Extraction of single-wall carbon nanotubes into an organic solvent


Justin J. Hill, jhill@che.ufl.edu1, Randy K. Wang, wrandy@ufl.edu1, Robert H. Hauge2, Richard E. Smalley3, and Kirk J. Ziegler, kziegler@che.ufl.edu1. (1) Department of Chemical Engineering, University of Florida, P.O. Box 116005, Gainesville, FL 32611, (2) Center for Nanoscale Science and Technology, Rice University, Houston, TX 77005, (3) Department of Chemistry, Smalley Institute for Nanoscale Science and Technology, Rice University, 6100 Main Street, MS 100, Houston, TX 77005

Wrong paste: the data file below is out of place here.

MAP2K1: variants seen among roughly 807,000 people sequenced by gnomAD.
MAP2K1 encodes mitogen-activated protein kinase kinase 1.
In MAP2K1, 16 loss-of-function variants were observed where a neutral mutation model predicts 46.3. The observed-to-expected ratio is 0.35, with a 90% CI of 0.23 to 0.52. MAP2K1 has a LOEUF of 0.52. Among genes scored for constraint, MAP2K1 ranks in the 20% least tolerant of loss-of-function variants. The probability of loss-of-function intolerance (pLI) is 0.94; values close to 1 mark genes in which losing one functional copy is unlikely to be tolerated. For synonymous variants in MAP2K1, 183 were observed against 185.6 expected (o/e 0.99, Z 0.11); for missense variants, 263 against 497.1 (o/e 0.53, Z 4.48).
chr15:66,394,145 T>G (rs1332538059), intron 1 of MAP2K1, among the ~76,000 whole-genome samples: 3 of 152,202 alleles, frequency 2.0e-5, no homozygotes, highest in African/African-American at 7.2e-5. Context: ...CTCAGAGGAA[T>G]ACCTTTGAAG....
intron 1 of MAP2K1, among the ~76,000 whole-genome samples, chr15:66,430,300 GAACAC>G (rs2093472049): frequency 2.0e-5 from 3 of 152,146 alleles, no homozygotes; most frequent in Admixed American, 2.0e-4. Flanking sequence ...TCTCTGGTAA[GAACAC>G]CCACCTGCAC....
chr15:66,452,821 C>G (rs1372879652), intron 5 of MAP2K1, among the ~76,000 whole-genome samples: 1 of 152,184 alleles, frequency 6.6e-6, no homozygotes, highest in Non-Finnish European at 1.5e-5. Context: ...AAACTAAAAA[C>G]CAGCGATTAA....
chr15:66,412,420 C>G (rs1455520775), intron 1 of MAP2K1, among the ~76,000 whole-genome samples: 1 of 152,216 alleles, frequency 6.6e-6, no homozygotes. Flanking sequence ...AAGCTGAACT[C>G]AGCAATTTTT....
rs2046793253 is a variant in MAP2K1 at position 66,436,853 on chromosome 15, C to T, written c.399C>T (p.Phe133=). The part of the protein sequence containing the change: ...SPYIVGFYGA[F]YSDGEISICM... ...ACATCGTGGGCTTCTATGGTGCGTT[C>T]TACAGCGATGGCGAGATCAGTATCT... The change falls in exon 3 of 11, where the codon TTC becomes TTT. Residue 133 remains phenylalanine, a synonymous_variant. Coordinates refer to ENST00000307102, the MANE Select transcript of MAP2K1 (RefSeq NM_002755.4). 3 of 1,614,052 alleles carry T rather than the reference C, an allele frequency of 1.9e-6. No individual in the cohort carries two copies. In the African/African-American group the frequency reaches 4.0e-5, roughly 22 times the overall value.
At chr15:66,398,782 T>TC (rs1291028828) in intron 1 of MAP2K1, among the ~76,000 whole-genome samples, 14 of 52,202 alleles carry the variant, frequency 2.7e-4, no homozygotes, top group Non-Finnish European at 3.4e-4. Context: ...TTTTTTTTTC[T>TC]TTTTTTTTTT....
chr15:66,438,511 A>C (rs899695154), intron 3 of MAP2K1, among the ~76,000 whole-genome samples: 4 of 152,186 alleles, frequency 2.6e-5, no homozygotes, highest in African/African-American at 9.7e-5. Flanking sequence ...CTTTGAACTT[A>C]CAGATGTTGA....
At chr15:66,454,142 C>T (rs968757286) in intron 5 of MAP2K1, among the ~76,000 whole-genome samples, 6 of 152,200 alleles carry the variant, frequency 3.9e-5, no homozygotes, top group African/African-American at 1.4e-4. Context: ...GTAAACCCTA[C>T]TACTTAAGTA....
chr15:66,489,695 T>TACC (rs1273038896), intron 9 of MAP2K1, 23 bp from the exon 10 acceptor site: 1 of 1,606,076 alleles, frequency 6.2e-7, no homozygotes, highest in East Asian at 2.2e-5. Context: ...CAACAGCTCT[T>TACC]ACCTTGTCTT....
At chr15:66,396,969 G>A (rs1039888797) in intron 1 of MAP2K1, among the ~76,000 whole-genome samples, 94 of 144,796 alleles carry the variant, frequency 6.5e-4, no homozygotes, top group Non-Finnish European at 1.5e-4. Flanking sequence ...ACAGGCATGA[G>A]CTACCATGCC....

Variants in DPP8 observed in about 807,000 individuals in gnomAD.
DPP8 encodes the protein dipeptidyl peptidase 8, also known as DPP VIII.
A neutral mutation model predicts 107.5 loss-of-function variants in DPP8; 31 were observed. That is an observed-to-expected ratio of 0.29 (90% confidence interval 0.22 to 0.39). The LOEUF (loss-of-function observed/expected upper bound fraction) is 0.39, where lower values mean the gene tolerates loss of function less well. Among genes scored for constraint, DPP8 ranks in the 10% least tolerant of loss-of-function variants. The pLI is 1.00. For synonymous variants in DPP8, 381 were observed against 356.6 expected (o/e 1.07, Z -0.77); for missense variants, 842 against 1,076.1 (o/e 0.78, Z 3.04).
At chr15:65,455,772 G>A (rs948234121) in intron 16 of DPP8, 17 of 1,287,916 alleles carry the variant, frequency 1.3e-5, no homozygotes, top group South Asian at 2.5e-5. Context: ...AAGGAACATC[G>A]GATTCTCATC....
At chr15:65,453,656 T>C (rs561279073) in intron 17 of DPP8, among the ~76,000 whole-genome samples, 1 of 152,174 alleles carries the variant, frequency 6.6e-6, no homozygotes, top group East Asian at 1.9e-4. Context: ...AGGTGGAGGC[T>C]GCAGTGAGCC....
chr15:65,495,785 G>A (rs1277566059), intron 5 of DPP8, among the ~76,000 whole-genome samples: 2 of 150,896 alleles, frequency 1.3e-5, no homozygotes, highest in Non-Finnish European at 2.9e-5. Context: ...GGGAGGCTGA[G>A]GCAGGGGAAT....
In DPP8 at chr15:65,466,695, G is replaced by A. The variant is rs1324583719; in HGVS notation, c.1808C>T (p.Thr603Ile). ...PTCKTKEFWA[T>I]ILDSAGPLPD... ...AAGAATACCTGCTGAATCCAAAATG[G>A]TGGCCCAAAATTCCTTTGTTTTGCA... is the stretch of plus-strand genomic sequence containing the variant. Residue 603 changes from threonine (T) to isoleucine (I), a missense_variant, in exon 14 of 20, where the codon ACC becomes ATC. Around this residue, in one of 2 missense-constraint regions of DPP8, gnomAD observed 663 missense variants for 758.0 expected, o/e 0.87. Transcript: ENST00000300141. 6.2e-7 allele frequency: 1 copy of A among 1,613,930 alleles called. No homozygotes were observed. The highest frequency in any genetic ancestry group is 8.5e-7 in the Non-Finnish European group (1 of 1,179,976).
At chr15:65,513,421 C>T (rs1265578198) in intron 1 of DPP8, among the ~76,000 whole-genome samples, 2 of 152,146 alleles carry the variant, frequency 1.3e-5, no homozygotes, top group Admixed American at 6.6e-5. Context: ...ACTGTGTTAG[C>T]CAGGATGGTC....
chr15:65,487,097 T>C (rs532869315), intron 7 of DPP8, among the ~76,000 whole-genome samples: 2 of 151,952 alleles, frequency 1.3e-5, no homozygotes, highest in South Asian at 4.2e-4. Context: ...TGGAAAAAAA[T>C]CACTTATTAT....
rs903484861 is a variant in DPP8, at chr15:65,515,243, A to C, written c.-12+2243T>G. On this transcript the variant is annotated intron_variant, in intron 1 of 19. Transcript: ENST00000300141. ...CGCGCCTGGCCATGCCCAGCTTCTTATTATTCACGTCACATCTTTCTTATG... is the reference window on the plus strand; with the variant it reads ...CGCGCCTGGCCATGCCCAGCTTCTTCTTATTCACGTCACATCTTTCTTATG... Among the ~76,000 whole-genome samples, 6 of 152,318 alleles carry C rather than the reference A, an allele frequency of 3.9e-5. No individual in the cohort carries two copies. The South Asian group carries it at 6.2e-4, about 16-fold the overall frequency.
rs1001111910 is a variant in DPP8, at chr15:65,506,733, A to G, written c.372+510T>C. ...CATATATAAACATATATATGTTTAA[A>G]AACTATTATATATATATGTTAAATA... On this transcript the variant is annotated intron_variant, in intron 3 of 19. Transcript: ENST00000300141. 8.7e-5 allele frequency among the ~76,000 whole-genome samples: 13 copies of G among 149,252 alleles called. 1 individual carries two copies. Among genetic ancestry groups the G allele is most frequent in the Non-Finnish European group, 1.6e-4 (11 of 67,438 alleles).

Single-walled carbon nanotubes (SWNTs) are currently being studied for a variety of applications. Due to their mechanical strength, chemical stability, and electronic properties, SWNTs lend themselves to technology involving energy storage and transport, and field emission devices. In many applications, however, the length of the SWNTs is particularly important. For example, researchers have recently demonstrated that short-length nanotube transistors performed as well as state-of-the-art silicon-based transistors without any optimization. In addition, the length of the SWNTs has a profound effect on their dispersibility in various solvents, a necessary step in most application processes. While researchers have demonstrated a multitude of cutting processes capable of changing the length distributions of SWNTs, polydisperse length distributions still remain. Currently, most separation processes rely on chromatographic or electrophoretic techniques. While these techniques have demonstrated some degree of separation, the nature of these approaches often limits them to analytical-scale separations. Therefore, economically feasible and scalable methods of cutting and separating SWNTs by length are required. Here we describe a two-phase liquid-liquid extraction process which is capable of extracting water-soluble SWNTs into an organic phase. The extraction utilizes electrostatic interactions between a common phase transfer agent and the sidewall functional groups on the nanotubes. The colloidal interactions between SWNTs, such as van der Waals attraction and steric repulsion, are important aspects that affect the dispersion of SWNTs in the organic layer. Therefore, the large length-dependent van der Waals forces for nanotubes allow the ability to control the length of nanotubes extracted into the organic phase. Although several researchers have investigated the interactions of spherical colloidal particles, there are few studies that describe the van der Waals and steric interactions for 1-D nanotubes. The ability to describe these interactions will lead to improved dispersion of SWNTs and thus, yield more efficient separations and more uniform nanocomposites.